• This site uses cookies. By continuing to use this site, you are agreeing to our use of cookies. Learn more.

Mini Trainer is here. Can I build it? Can I fly it?

FDS

Well-known member
#23
That’s the beauty of Fb airframes, new parts are dead easy to make.
I use my steel rule to keep my bevel cuts straight, lay it 1/4” back from the edge and use a brand new blade.
Now you have lots of spare board it’s worth making a supply of several things-
  • Make a dozen spare power pods, get a supply of firewalls. My TT has eaten 28 power pods since November 2018.
  • Another tip- use the straight edge of the FB when you draw parts out, you get a “free” cut that way and if the factory edge is undamaged it’s nice and straight already. If you cluster parts together a bit it reduces waste and cutting time. You can use the frames of board the FT parts were on to trace new ones out really easily, keep them flat somewhere to make up more planes/spare parts easily.
  • Practice bevel cuts with your fancy cutter or any other method that you find comfy.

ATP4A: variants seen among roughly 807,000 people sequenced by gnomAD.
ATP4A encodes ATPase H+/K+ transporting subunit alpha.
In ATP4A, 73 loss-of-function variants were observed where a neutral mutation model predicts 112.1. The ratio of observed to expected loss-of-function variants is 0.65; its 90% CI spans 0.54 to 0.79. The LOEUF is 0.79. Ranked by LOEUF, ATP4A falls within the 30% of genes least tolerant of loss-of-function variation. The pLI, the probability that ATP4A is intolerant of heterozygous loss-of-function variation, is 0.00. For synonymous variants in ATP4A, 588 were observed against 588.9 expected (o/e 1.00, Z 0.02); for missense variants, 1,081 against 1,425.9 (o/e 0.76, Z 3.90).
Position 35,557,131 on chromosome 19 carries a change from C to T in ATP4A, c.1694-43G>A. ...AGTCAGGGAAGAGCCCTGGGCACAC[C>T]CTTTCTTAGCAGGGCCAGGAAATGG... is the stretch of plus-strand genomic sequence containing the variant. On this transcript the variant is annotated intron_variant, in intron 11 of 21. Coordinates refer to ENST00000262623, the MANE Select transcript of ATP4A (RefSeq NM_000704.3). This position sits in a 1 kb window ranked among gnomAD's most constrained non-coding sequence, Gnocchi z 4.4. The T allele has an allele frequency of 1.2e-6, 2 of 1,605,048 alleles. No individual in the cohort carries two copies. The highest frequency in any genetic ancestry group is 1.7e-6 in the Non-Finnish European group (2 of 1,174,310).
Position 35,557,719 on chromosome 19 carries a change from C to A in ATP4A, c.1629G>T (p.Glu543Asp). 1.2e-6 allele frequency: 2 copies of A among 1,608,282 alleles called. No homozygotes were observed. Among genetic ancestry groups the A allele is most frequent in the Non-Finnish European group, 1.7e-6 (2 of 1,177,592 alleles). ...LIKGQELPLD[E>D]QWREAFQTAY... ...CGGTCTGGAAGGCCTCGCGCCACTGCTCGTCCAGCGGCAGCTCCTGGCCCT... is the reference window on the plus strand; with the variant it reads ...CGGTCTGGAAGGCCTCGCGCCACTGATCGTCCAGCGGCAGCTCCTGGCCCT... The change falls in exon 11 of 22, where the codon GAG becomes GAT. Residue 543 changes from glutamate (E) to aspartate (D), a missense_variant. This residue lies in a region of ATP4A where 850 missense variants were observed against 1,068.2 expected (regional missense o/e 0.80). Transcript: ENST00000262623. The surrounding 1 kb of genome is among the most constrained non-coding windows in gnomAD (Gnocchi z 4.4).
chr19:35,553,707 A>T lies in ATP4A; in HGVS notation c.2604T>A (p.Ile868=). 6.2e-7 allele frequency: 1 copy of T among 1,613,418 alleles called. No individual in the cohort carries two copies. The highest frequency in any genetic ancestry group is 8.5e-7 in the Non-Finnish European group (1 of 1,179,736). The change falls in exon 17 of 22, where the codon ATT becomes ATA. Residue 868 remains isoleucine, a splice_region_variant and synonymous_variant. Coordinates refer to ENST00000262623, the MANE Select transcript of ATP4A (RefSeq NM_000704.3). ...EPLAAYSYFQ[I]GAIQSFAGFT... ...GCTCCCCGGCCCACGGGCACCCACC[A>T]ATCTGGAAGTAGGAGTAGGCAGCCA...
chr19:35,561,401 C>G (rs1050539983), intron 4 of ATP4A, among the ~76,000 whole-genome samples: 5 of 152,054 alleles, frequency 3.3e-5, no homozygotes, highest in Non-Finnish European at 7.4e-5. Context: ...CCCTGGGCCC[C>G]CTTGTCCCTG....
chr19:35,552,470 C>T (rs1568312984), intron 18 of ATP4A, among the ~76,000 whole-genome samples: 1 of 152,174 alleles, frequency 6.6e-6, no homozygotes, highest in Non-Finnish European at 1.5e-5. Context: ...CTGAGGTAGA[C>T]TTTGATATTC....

• Make up a spare powered nose assembly, they can get pounded out in crashes.
This way you won’t lose time flying. Also check your motor screws are not fouling the coils inside the motor, I use pretty short screws with the FT firewall, if you have them too long they can jam or damage the motor windings.
Your build looks great! I too am enjoying your posts.
 

Arcfyre

Well-known member
#24
Really enjoying this thread so far! @The Double D you're doing great, keep up the good work.

You're working your way through airframe assembly right now, and you're making good progress.

Next major step will be installing the electronics and getting the servos set up.

I have significant experience with the DXe radio that you purchased. After you get your electrics installed, you may find that you need to reverse a servo direction to get the correct control inputs. If you didn't get the programming cable for that radio, it can be done manually, but it is a little finicky to learn. Don't be afraid to ask for help. Here's a page from the manual to get you started.
 

Attachments

#25
Up early this morning. Wife and granddaughter are still sleeping so no youtube videos yet. Beside what I am doing I am not sure if there is a video to cover.